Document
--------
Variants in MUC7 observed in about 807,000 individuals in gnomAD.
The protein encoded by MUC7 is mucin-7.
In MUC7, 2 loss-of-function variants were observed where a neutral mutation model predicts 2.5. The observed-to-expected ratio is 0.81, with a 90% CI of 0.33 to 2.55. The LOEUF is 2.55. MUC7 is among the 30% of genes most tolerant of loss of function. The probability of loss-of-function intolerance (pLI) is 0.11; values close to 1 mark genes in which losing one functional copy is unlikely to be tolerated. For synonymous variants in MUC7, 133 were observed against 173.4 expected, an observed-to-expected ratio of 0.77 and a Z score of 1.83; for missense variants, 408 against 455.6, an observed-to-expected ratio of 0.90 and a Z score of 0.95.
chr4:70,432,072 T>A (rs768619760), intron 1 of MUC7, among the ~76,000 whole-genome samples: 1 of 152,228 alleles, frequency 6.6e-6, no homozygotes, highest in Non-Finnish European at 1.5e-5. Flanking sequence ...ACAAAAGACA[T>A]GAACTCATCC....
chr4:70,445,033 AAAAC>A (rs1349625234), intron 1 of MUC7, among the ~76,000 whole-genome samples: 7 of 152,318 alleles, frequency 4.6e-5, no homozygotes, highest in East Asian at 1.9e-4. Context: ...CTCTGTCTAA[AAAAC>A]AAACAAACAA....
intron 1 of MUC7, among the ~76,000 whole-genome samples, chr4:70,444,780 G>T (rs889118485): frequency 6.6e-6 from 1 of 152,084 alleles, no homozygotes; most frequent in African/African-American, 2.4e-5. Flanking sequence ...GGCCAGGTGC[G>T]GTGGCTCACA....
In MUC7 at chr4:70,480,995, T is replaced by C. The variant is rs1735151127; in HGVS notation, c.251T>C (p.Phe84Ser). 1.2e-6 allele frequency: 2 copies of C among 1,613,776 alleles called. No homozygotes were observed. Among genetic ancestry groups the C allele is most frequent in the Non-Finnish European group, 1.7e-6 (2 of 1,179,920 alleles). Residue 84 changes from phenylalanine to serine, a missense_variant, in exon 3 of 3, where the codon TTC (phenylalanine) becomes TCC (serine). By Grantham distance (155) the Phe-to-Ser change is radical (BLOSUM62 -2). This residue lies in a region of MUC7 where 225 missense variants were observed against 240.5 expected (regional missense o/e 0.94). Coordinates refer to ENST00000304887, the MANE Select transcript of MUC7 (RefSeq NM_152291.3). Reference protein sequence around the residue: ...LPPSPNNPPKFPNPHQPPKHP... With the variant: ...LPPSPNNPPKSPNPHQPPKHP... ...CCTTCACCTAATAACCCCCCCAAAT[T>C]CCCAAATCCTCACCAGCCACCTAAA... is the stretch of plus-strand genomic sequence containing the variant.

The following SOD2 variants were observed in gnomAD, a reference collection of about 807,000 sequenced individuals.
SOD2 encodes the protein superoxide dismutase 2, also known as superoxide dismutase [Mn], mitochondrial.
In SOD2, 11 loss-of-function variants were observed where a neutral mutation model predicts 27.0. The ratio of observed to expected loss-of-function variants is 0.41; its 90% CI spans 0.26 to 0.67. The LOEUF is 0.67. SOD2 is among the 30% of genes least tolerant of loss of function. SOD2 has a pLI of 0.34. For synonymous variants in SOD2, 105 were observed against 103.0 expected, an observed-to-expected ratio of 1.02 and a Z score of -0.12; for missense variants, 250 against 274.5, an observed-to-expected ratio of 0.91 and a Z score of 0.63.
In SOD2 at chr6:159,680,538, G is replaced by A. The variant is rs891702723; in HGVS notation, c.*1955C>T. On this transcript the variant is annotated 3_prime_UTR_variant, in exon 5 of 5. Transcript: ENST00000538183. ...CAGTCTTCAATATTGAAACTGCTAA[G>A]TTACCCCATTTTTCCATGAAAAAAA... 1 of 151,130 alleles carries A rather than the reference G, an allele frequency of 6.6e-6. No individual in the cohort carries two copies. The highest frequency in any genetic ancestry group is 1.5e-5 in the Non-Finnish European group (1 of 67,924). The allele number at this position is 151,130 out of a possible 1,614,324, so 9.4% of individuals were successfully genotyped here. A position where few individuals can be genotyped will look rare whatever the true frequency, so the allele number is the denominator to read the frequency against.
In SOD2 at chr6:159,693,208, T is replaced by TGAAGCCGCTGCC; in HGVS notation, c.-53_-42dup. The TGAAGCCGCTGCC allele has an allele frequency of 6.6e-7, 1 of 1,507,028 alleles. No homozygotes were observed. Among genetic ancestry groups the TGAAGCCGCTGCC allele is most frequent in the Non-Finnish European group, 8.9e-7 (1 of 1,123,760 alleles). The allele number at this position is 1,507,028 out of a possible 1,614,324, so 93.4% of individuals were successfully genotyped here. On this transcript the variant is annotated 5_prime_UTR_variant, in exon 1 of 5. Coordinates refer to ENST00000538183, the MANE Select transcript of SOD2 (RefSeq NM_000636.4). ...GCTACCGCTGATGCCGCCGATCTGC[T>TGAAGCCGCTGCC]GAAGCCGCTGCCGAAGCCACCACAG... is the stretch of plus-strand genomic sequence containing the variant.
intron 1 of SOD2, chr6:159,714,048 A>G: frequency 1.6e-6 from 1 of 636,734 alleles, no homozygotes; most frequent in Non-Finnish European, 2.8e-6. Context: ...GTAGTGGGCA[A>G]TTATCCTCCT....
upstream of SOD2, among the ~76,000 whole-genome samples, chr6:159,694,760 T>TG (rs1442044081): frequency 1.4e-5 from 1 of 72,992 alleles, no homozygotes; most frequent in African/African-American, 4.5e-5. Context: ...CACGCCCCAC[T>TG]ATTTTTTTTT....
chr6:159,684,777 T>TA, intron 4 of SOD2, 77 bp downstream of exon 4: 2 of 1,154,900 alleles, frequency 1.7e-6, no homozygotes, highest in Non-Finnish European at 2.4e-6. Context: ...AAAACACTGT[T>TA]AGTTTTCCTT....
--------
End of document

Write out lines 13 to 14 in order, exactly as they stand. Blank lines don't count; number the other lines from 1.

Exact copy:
intron 1 of SOD2, chr6:159,714,048 A>G: frequency 1.6e-6 from 1 of 636,734 alleles, no homozygotes; most frequent in Non-Finnish European, 2.8e-6. Context: ...GTAGTGGGCA[A>G]TTATCCTCCT....
upstream of SOD2, among the ~76,000 whole-genome samples, chr6:159,694,760 T>TG (rs1442044081): frequency 1.4e-5 from 1 of 72,992 alleles, no homozygotes; most frequent in African/African-American, 4.5e-5. Context: ...CACGCCCCAC[T>TG]ATTTTTTTTT....